Discussion Paper No. 5048

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    Forschungsinstitut zur Zukunft der ArbeitInstitute for the Study of Labor

    Testing the Brain Gain Hypothesis:Micro Evidence from Cape Verde

    IZA DP No. 5048

    July 2010

    Catia BatistaAitor LacuestaPedro C. Vicente

  • Testing the Brain Gain Hypothesis:

    Micro Evidence from Cape Verde

    Catia Batista Trinity College Dublin

    and IZA

    Aitor Lacuesta Bank of Spain

    Pedro C. Vicente

    Trinity College Dublin, CSAE-University of Oxford and BREAD

    Discussion Paper No. 5048 July 2010

    IZA

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  • IZA Discussion Paper No. 5048 July 2010

    ABSTRACT

    Testing the Brain Gain Hypothesis: Micro Evidence from Cape Verde*

    Does emigration really drain human capital accumulation in origin countries? This paper explores a unique household survey purposely designed and conducted to answer this research question. We analyze the case of Cape Verde, a country with allegedly the highest brain drain in Africa, despite a marked record of income and human capital growth in recent decades. Our micro data enables us to propose the first explicit test of brain gain arguments according to which the prospects of own future migration can positively impact educational attainment. According to our results, a 10pp increase in the probability of own future migration may improve the average probability of completing intermediate secondary schooling by 8pp for individuals who do not migrate before age 16. Strikingly, this same 10pp increase may raise the probability of completing intermediate secondary schooling by 11pp for an individual whose parents were both non migrants when the educational decision was made. Our findings are robust to the choice of instruments and econometric model. Overall, we find that there may be substantial human capital gains from lowering migration barriers. JEL Classification: F22, J24, O12, O15 Keywords: brain drain, brain gain, international migration, human capital,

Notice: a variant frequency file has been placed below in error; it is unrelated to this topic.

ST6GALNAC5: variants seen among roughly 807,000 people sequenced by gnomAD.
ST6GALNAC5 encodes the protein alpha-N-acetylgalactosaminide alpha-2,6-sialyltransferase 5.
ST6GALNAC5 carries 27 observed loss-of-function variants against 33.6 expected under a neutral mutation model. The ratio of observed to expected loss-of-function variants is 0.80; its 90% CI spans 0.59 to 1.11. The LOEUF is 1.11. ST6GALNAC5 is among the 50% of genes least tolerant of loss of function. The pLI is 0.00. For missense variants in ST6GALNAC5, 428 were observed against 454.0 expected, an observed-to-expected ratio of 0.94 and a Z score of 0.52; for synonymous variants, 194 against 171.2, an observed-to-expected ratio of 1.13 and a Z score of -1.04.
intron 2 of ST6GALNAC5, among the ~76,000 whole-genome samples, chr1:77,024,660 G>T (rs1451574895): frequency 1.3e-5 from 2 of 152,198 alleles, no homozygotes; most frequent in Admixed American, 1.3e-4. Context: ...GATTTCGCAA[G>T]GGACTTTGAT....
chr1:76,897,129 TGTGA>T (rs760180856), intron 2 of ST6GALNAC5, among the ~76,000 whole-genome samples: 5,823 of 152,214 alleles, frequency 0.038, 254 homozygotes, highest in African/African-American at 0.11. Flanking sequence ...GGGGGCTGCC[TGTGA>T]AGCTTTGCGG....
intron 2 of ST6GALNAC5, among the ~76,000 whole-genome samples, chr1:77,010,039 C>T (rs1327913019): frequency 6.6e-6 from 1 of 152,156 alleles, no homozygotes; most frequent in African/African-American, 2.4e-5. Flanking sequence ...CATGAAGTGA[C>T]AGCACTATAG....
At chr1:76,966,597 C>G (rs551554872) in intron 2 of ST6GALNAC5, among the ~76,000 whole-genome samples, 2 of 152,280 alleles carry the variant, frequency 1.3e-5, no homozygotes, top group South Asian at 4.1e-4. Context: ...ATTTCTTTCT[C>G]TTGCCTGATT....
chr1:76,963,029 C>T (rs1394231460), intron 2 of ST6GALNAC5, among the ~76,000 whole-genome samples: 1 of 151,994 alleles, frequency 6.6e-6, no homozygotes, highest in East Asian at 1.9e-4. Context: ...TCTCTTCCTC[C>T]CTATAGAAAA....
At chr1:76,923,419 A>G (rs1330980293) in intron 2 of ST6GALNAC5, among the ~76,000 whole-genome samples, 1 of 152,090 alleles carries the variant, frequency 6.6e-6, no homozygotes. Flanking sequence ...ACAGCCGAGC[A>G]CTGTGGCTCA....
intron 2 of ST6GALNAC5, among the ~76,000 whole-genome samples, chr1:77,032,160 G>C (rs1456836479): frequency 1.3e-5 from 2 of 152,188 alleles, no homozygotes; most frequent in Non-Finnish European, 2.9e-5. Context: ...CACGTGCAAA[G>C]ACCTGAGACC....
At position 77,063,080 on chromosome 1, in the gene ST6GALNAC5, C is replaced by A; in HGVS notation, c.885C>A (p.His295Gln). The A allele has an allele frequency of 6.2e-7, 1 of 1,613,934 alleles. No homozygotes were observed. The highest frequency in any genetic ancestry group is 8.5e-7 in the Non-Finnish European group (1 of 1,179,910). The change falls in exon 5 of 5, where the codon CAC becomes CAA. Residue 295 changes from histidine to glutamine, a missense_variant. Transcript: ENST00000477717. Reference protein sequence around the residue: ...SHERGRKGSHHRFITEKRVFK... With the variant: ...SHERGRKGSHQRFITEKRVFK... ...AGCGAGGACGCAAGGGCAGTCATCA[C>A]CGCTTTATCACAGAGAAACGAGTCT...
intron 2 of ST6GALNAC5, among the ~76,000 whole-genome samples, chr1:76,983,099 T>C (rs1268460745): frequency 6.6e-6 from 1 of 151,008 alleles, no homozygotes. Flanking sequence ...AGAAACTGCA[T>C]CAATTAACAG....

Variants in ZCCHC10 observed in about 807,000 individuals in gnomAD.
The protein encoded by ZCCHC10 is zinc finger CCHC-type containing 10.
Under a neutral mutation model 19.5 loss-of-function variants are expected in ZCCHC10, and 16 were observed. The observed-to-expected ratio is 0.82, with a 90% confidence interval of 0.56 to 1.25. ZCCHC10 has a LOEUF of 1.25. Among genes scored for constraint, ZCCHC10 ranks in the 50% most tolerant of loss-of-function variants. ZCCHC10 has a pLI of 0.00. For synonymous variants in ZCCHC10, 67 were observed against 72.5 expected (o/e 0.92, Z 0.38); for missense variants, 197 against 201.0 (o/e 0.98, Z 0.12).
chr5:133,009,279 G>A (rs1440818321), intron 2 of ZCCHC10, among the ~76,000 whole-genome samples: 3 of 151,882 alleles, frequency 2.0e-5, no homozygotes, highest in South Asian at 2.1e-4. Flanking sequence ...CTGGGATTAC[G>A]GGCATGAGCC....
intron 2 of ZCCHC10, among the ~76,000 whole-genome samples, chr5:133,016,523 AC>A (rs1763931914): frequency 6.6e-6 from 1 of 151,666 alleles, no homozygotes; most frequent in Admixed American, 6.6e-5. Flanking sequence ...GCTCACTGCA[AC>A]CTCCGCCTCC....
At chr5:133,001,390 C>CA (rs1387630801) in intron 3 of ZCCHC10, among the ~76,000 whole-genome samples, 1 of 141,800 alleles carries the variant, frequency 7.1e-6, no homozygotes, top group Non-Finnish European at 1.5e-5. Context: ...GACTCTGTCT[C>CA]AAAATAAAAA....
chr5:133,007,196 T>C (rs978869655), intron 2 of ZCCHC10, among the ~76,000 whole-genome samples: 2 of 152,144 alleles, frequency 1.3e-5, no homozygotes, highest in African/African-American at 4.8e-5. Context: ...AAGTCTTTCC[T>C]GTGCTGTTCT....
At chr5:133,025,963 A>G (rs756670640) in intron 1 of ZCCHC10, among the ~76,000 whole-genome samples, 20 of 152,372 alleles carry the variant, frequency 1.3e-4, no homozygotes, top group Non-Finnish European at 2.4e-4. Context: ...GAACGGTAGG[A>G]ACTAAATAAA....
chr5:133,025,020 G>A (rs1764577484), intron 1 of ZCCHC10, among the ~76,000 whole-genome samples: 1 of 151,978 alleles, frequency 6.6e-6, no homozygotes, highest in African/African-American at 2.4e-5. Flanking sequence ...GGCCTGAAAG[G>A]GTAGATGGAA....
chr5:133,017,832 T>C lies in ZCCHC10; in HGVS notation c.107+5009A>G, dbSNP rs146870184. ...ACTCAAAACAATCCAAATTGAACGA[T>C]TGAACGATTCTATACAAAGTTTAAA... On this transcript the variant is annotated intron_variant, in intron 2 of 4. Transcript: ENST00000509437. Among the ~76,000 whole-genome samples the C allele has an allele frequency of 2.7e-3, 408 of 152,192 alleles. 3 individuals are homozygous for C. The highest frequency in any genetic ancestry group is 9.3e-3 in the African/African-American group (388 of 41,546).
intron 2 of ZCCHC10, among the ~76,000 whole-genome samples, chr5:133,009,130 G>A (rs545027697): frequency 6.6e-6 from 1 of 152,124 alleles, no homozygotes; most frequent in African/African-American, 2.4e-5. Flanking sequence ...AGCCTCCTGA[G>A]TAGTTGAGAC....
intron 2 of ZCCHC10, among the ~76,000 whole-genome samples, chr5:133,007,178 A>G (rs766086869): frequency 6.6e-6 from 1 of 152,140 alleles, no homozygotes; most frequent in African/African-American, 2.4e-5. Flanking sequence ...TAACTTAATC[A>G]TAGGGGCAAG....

effects of emigration in origin countries, household survey, Cape Verde, sub-Saharan Africa

    Corresponding author: Catia Batista Department of Economics Trinity College Dublin Dublin 2 Ireland E-mail: catia.batista@tcd.ie

    * We would like to thank helpful comments and suggestions on this and earlier drafts by the editor Gordon Hanson, two anonymous referees and to a number of participants in many seminars and conferences. We are indebted to Paul Collier for providing initial encouragement for this research project. We acknowledge financial support from the ESRC-funded Global Poverty Research Programme (GPRG) for the tailored household survey conducted in Cape Verde on which this paper is based. We are indebted to the dedicated team of local enumerators with whom we worked, and to Deolinda Reis and Francisco Rodrigues at the National Statistics Office of Cape Verde. Research assistance was provided by Mauro Caselli, under the financial support of the George Webb Medley Fund at the Department of Economics of the University of Oxford.

  • 1. Introduction

    The last decades witnessed striking growth in international migration flows.1 In particular, the

    international movement of the highly educated experienced an impressive surge: according to Beine et

    al. (2008), from 1990 to 2000, there was a 63.7% increase in the number of highly-skilled immigrants

    residing in OECD countries (to a stock of 20 million), whereas the number of unskilled immigrants had

    only increased by 14.4% in the same ten years. This extraordinary trend has brought renewed interest

    and significance to the old brain drain debate.

    Concerns about brain drain were introduced in the late 1960s and 1970s, and soon became well rooted

    in the economics literature.2 Brain drain became a general label for the depressing effects arising from

    the loss of the most skilled national citizens in a country. In the 1990s, however, a new strand of

    theoretical literature proposed the brain gain hypothesis: according to this proposition, it is possible

    that the outflow of educated migrants (and the possibility of own future migration in particular) can lead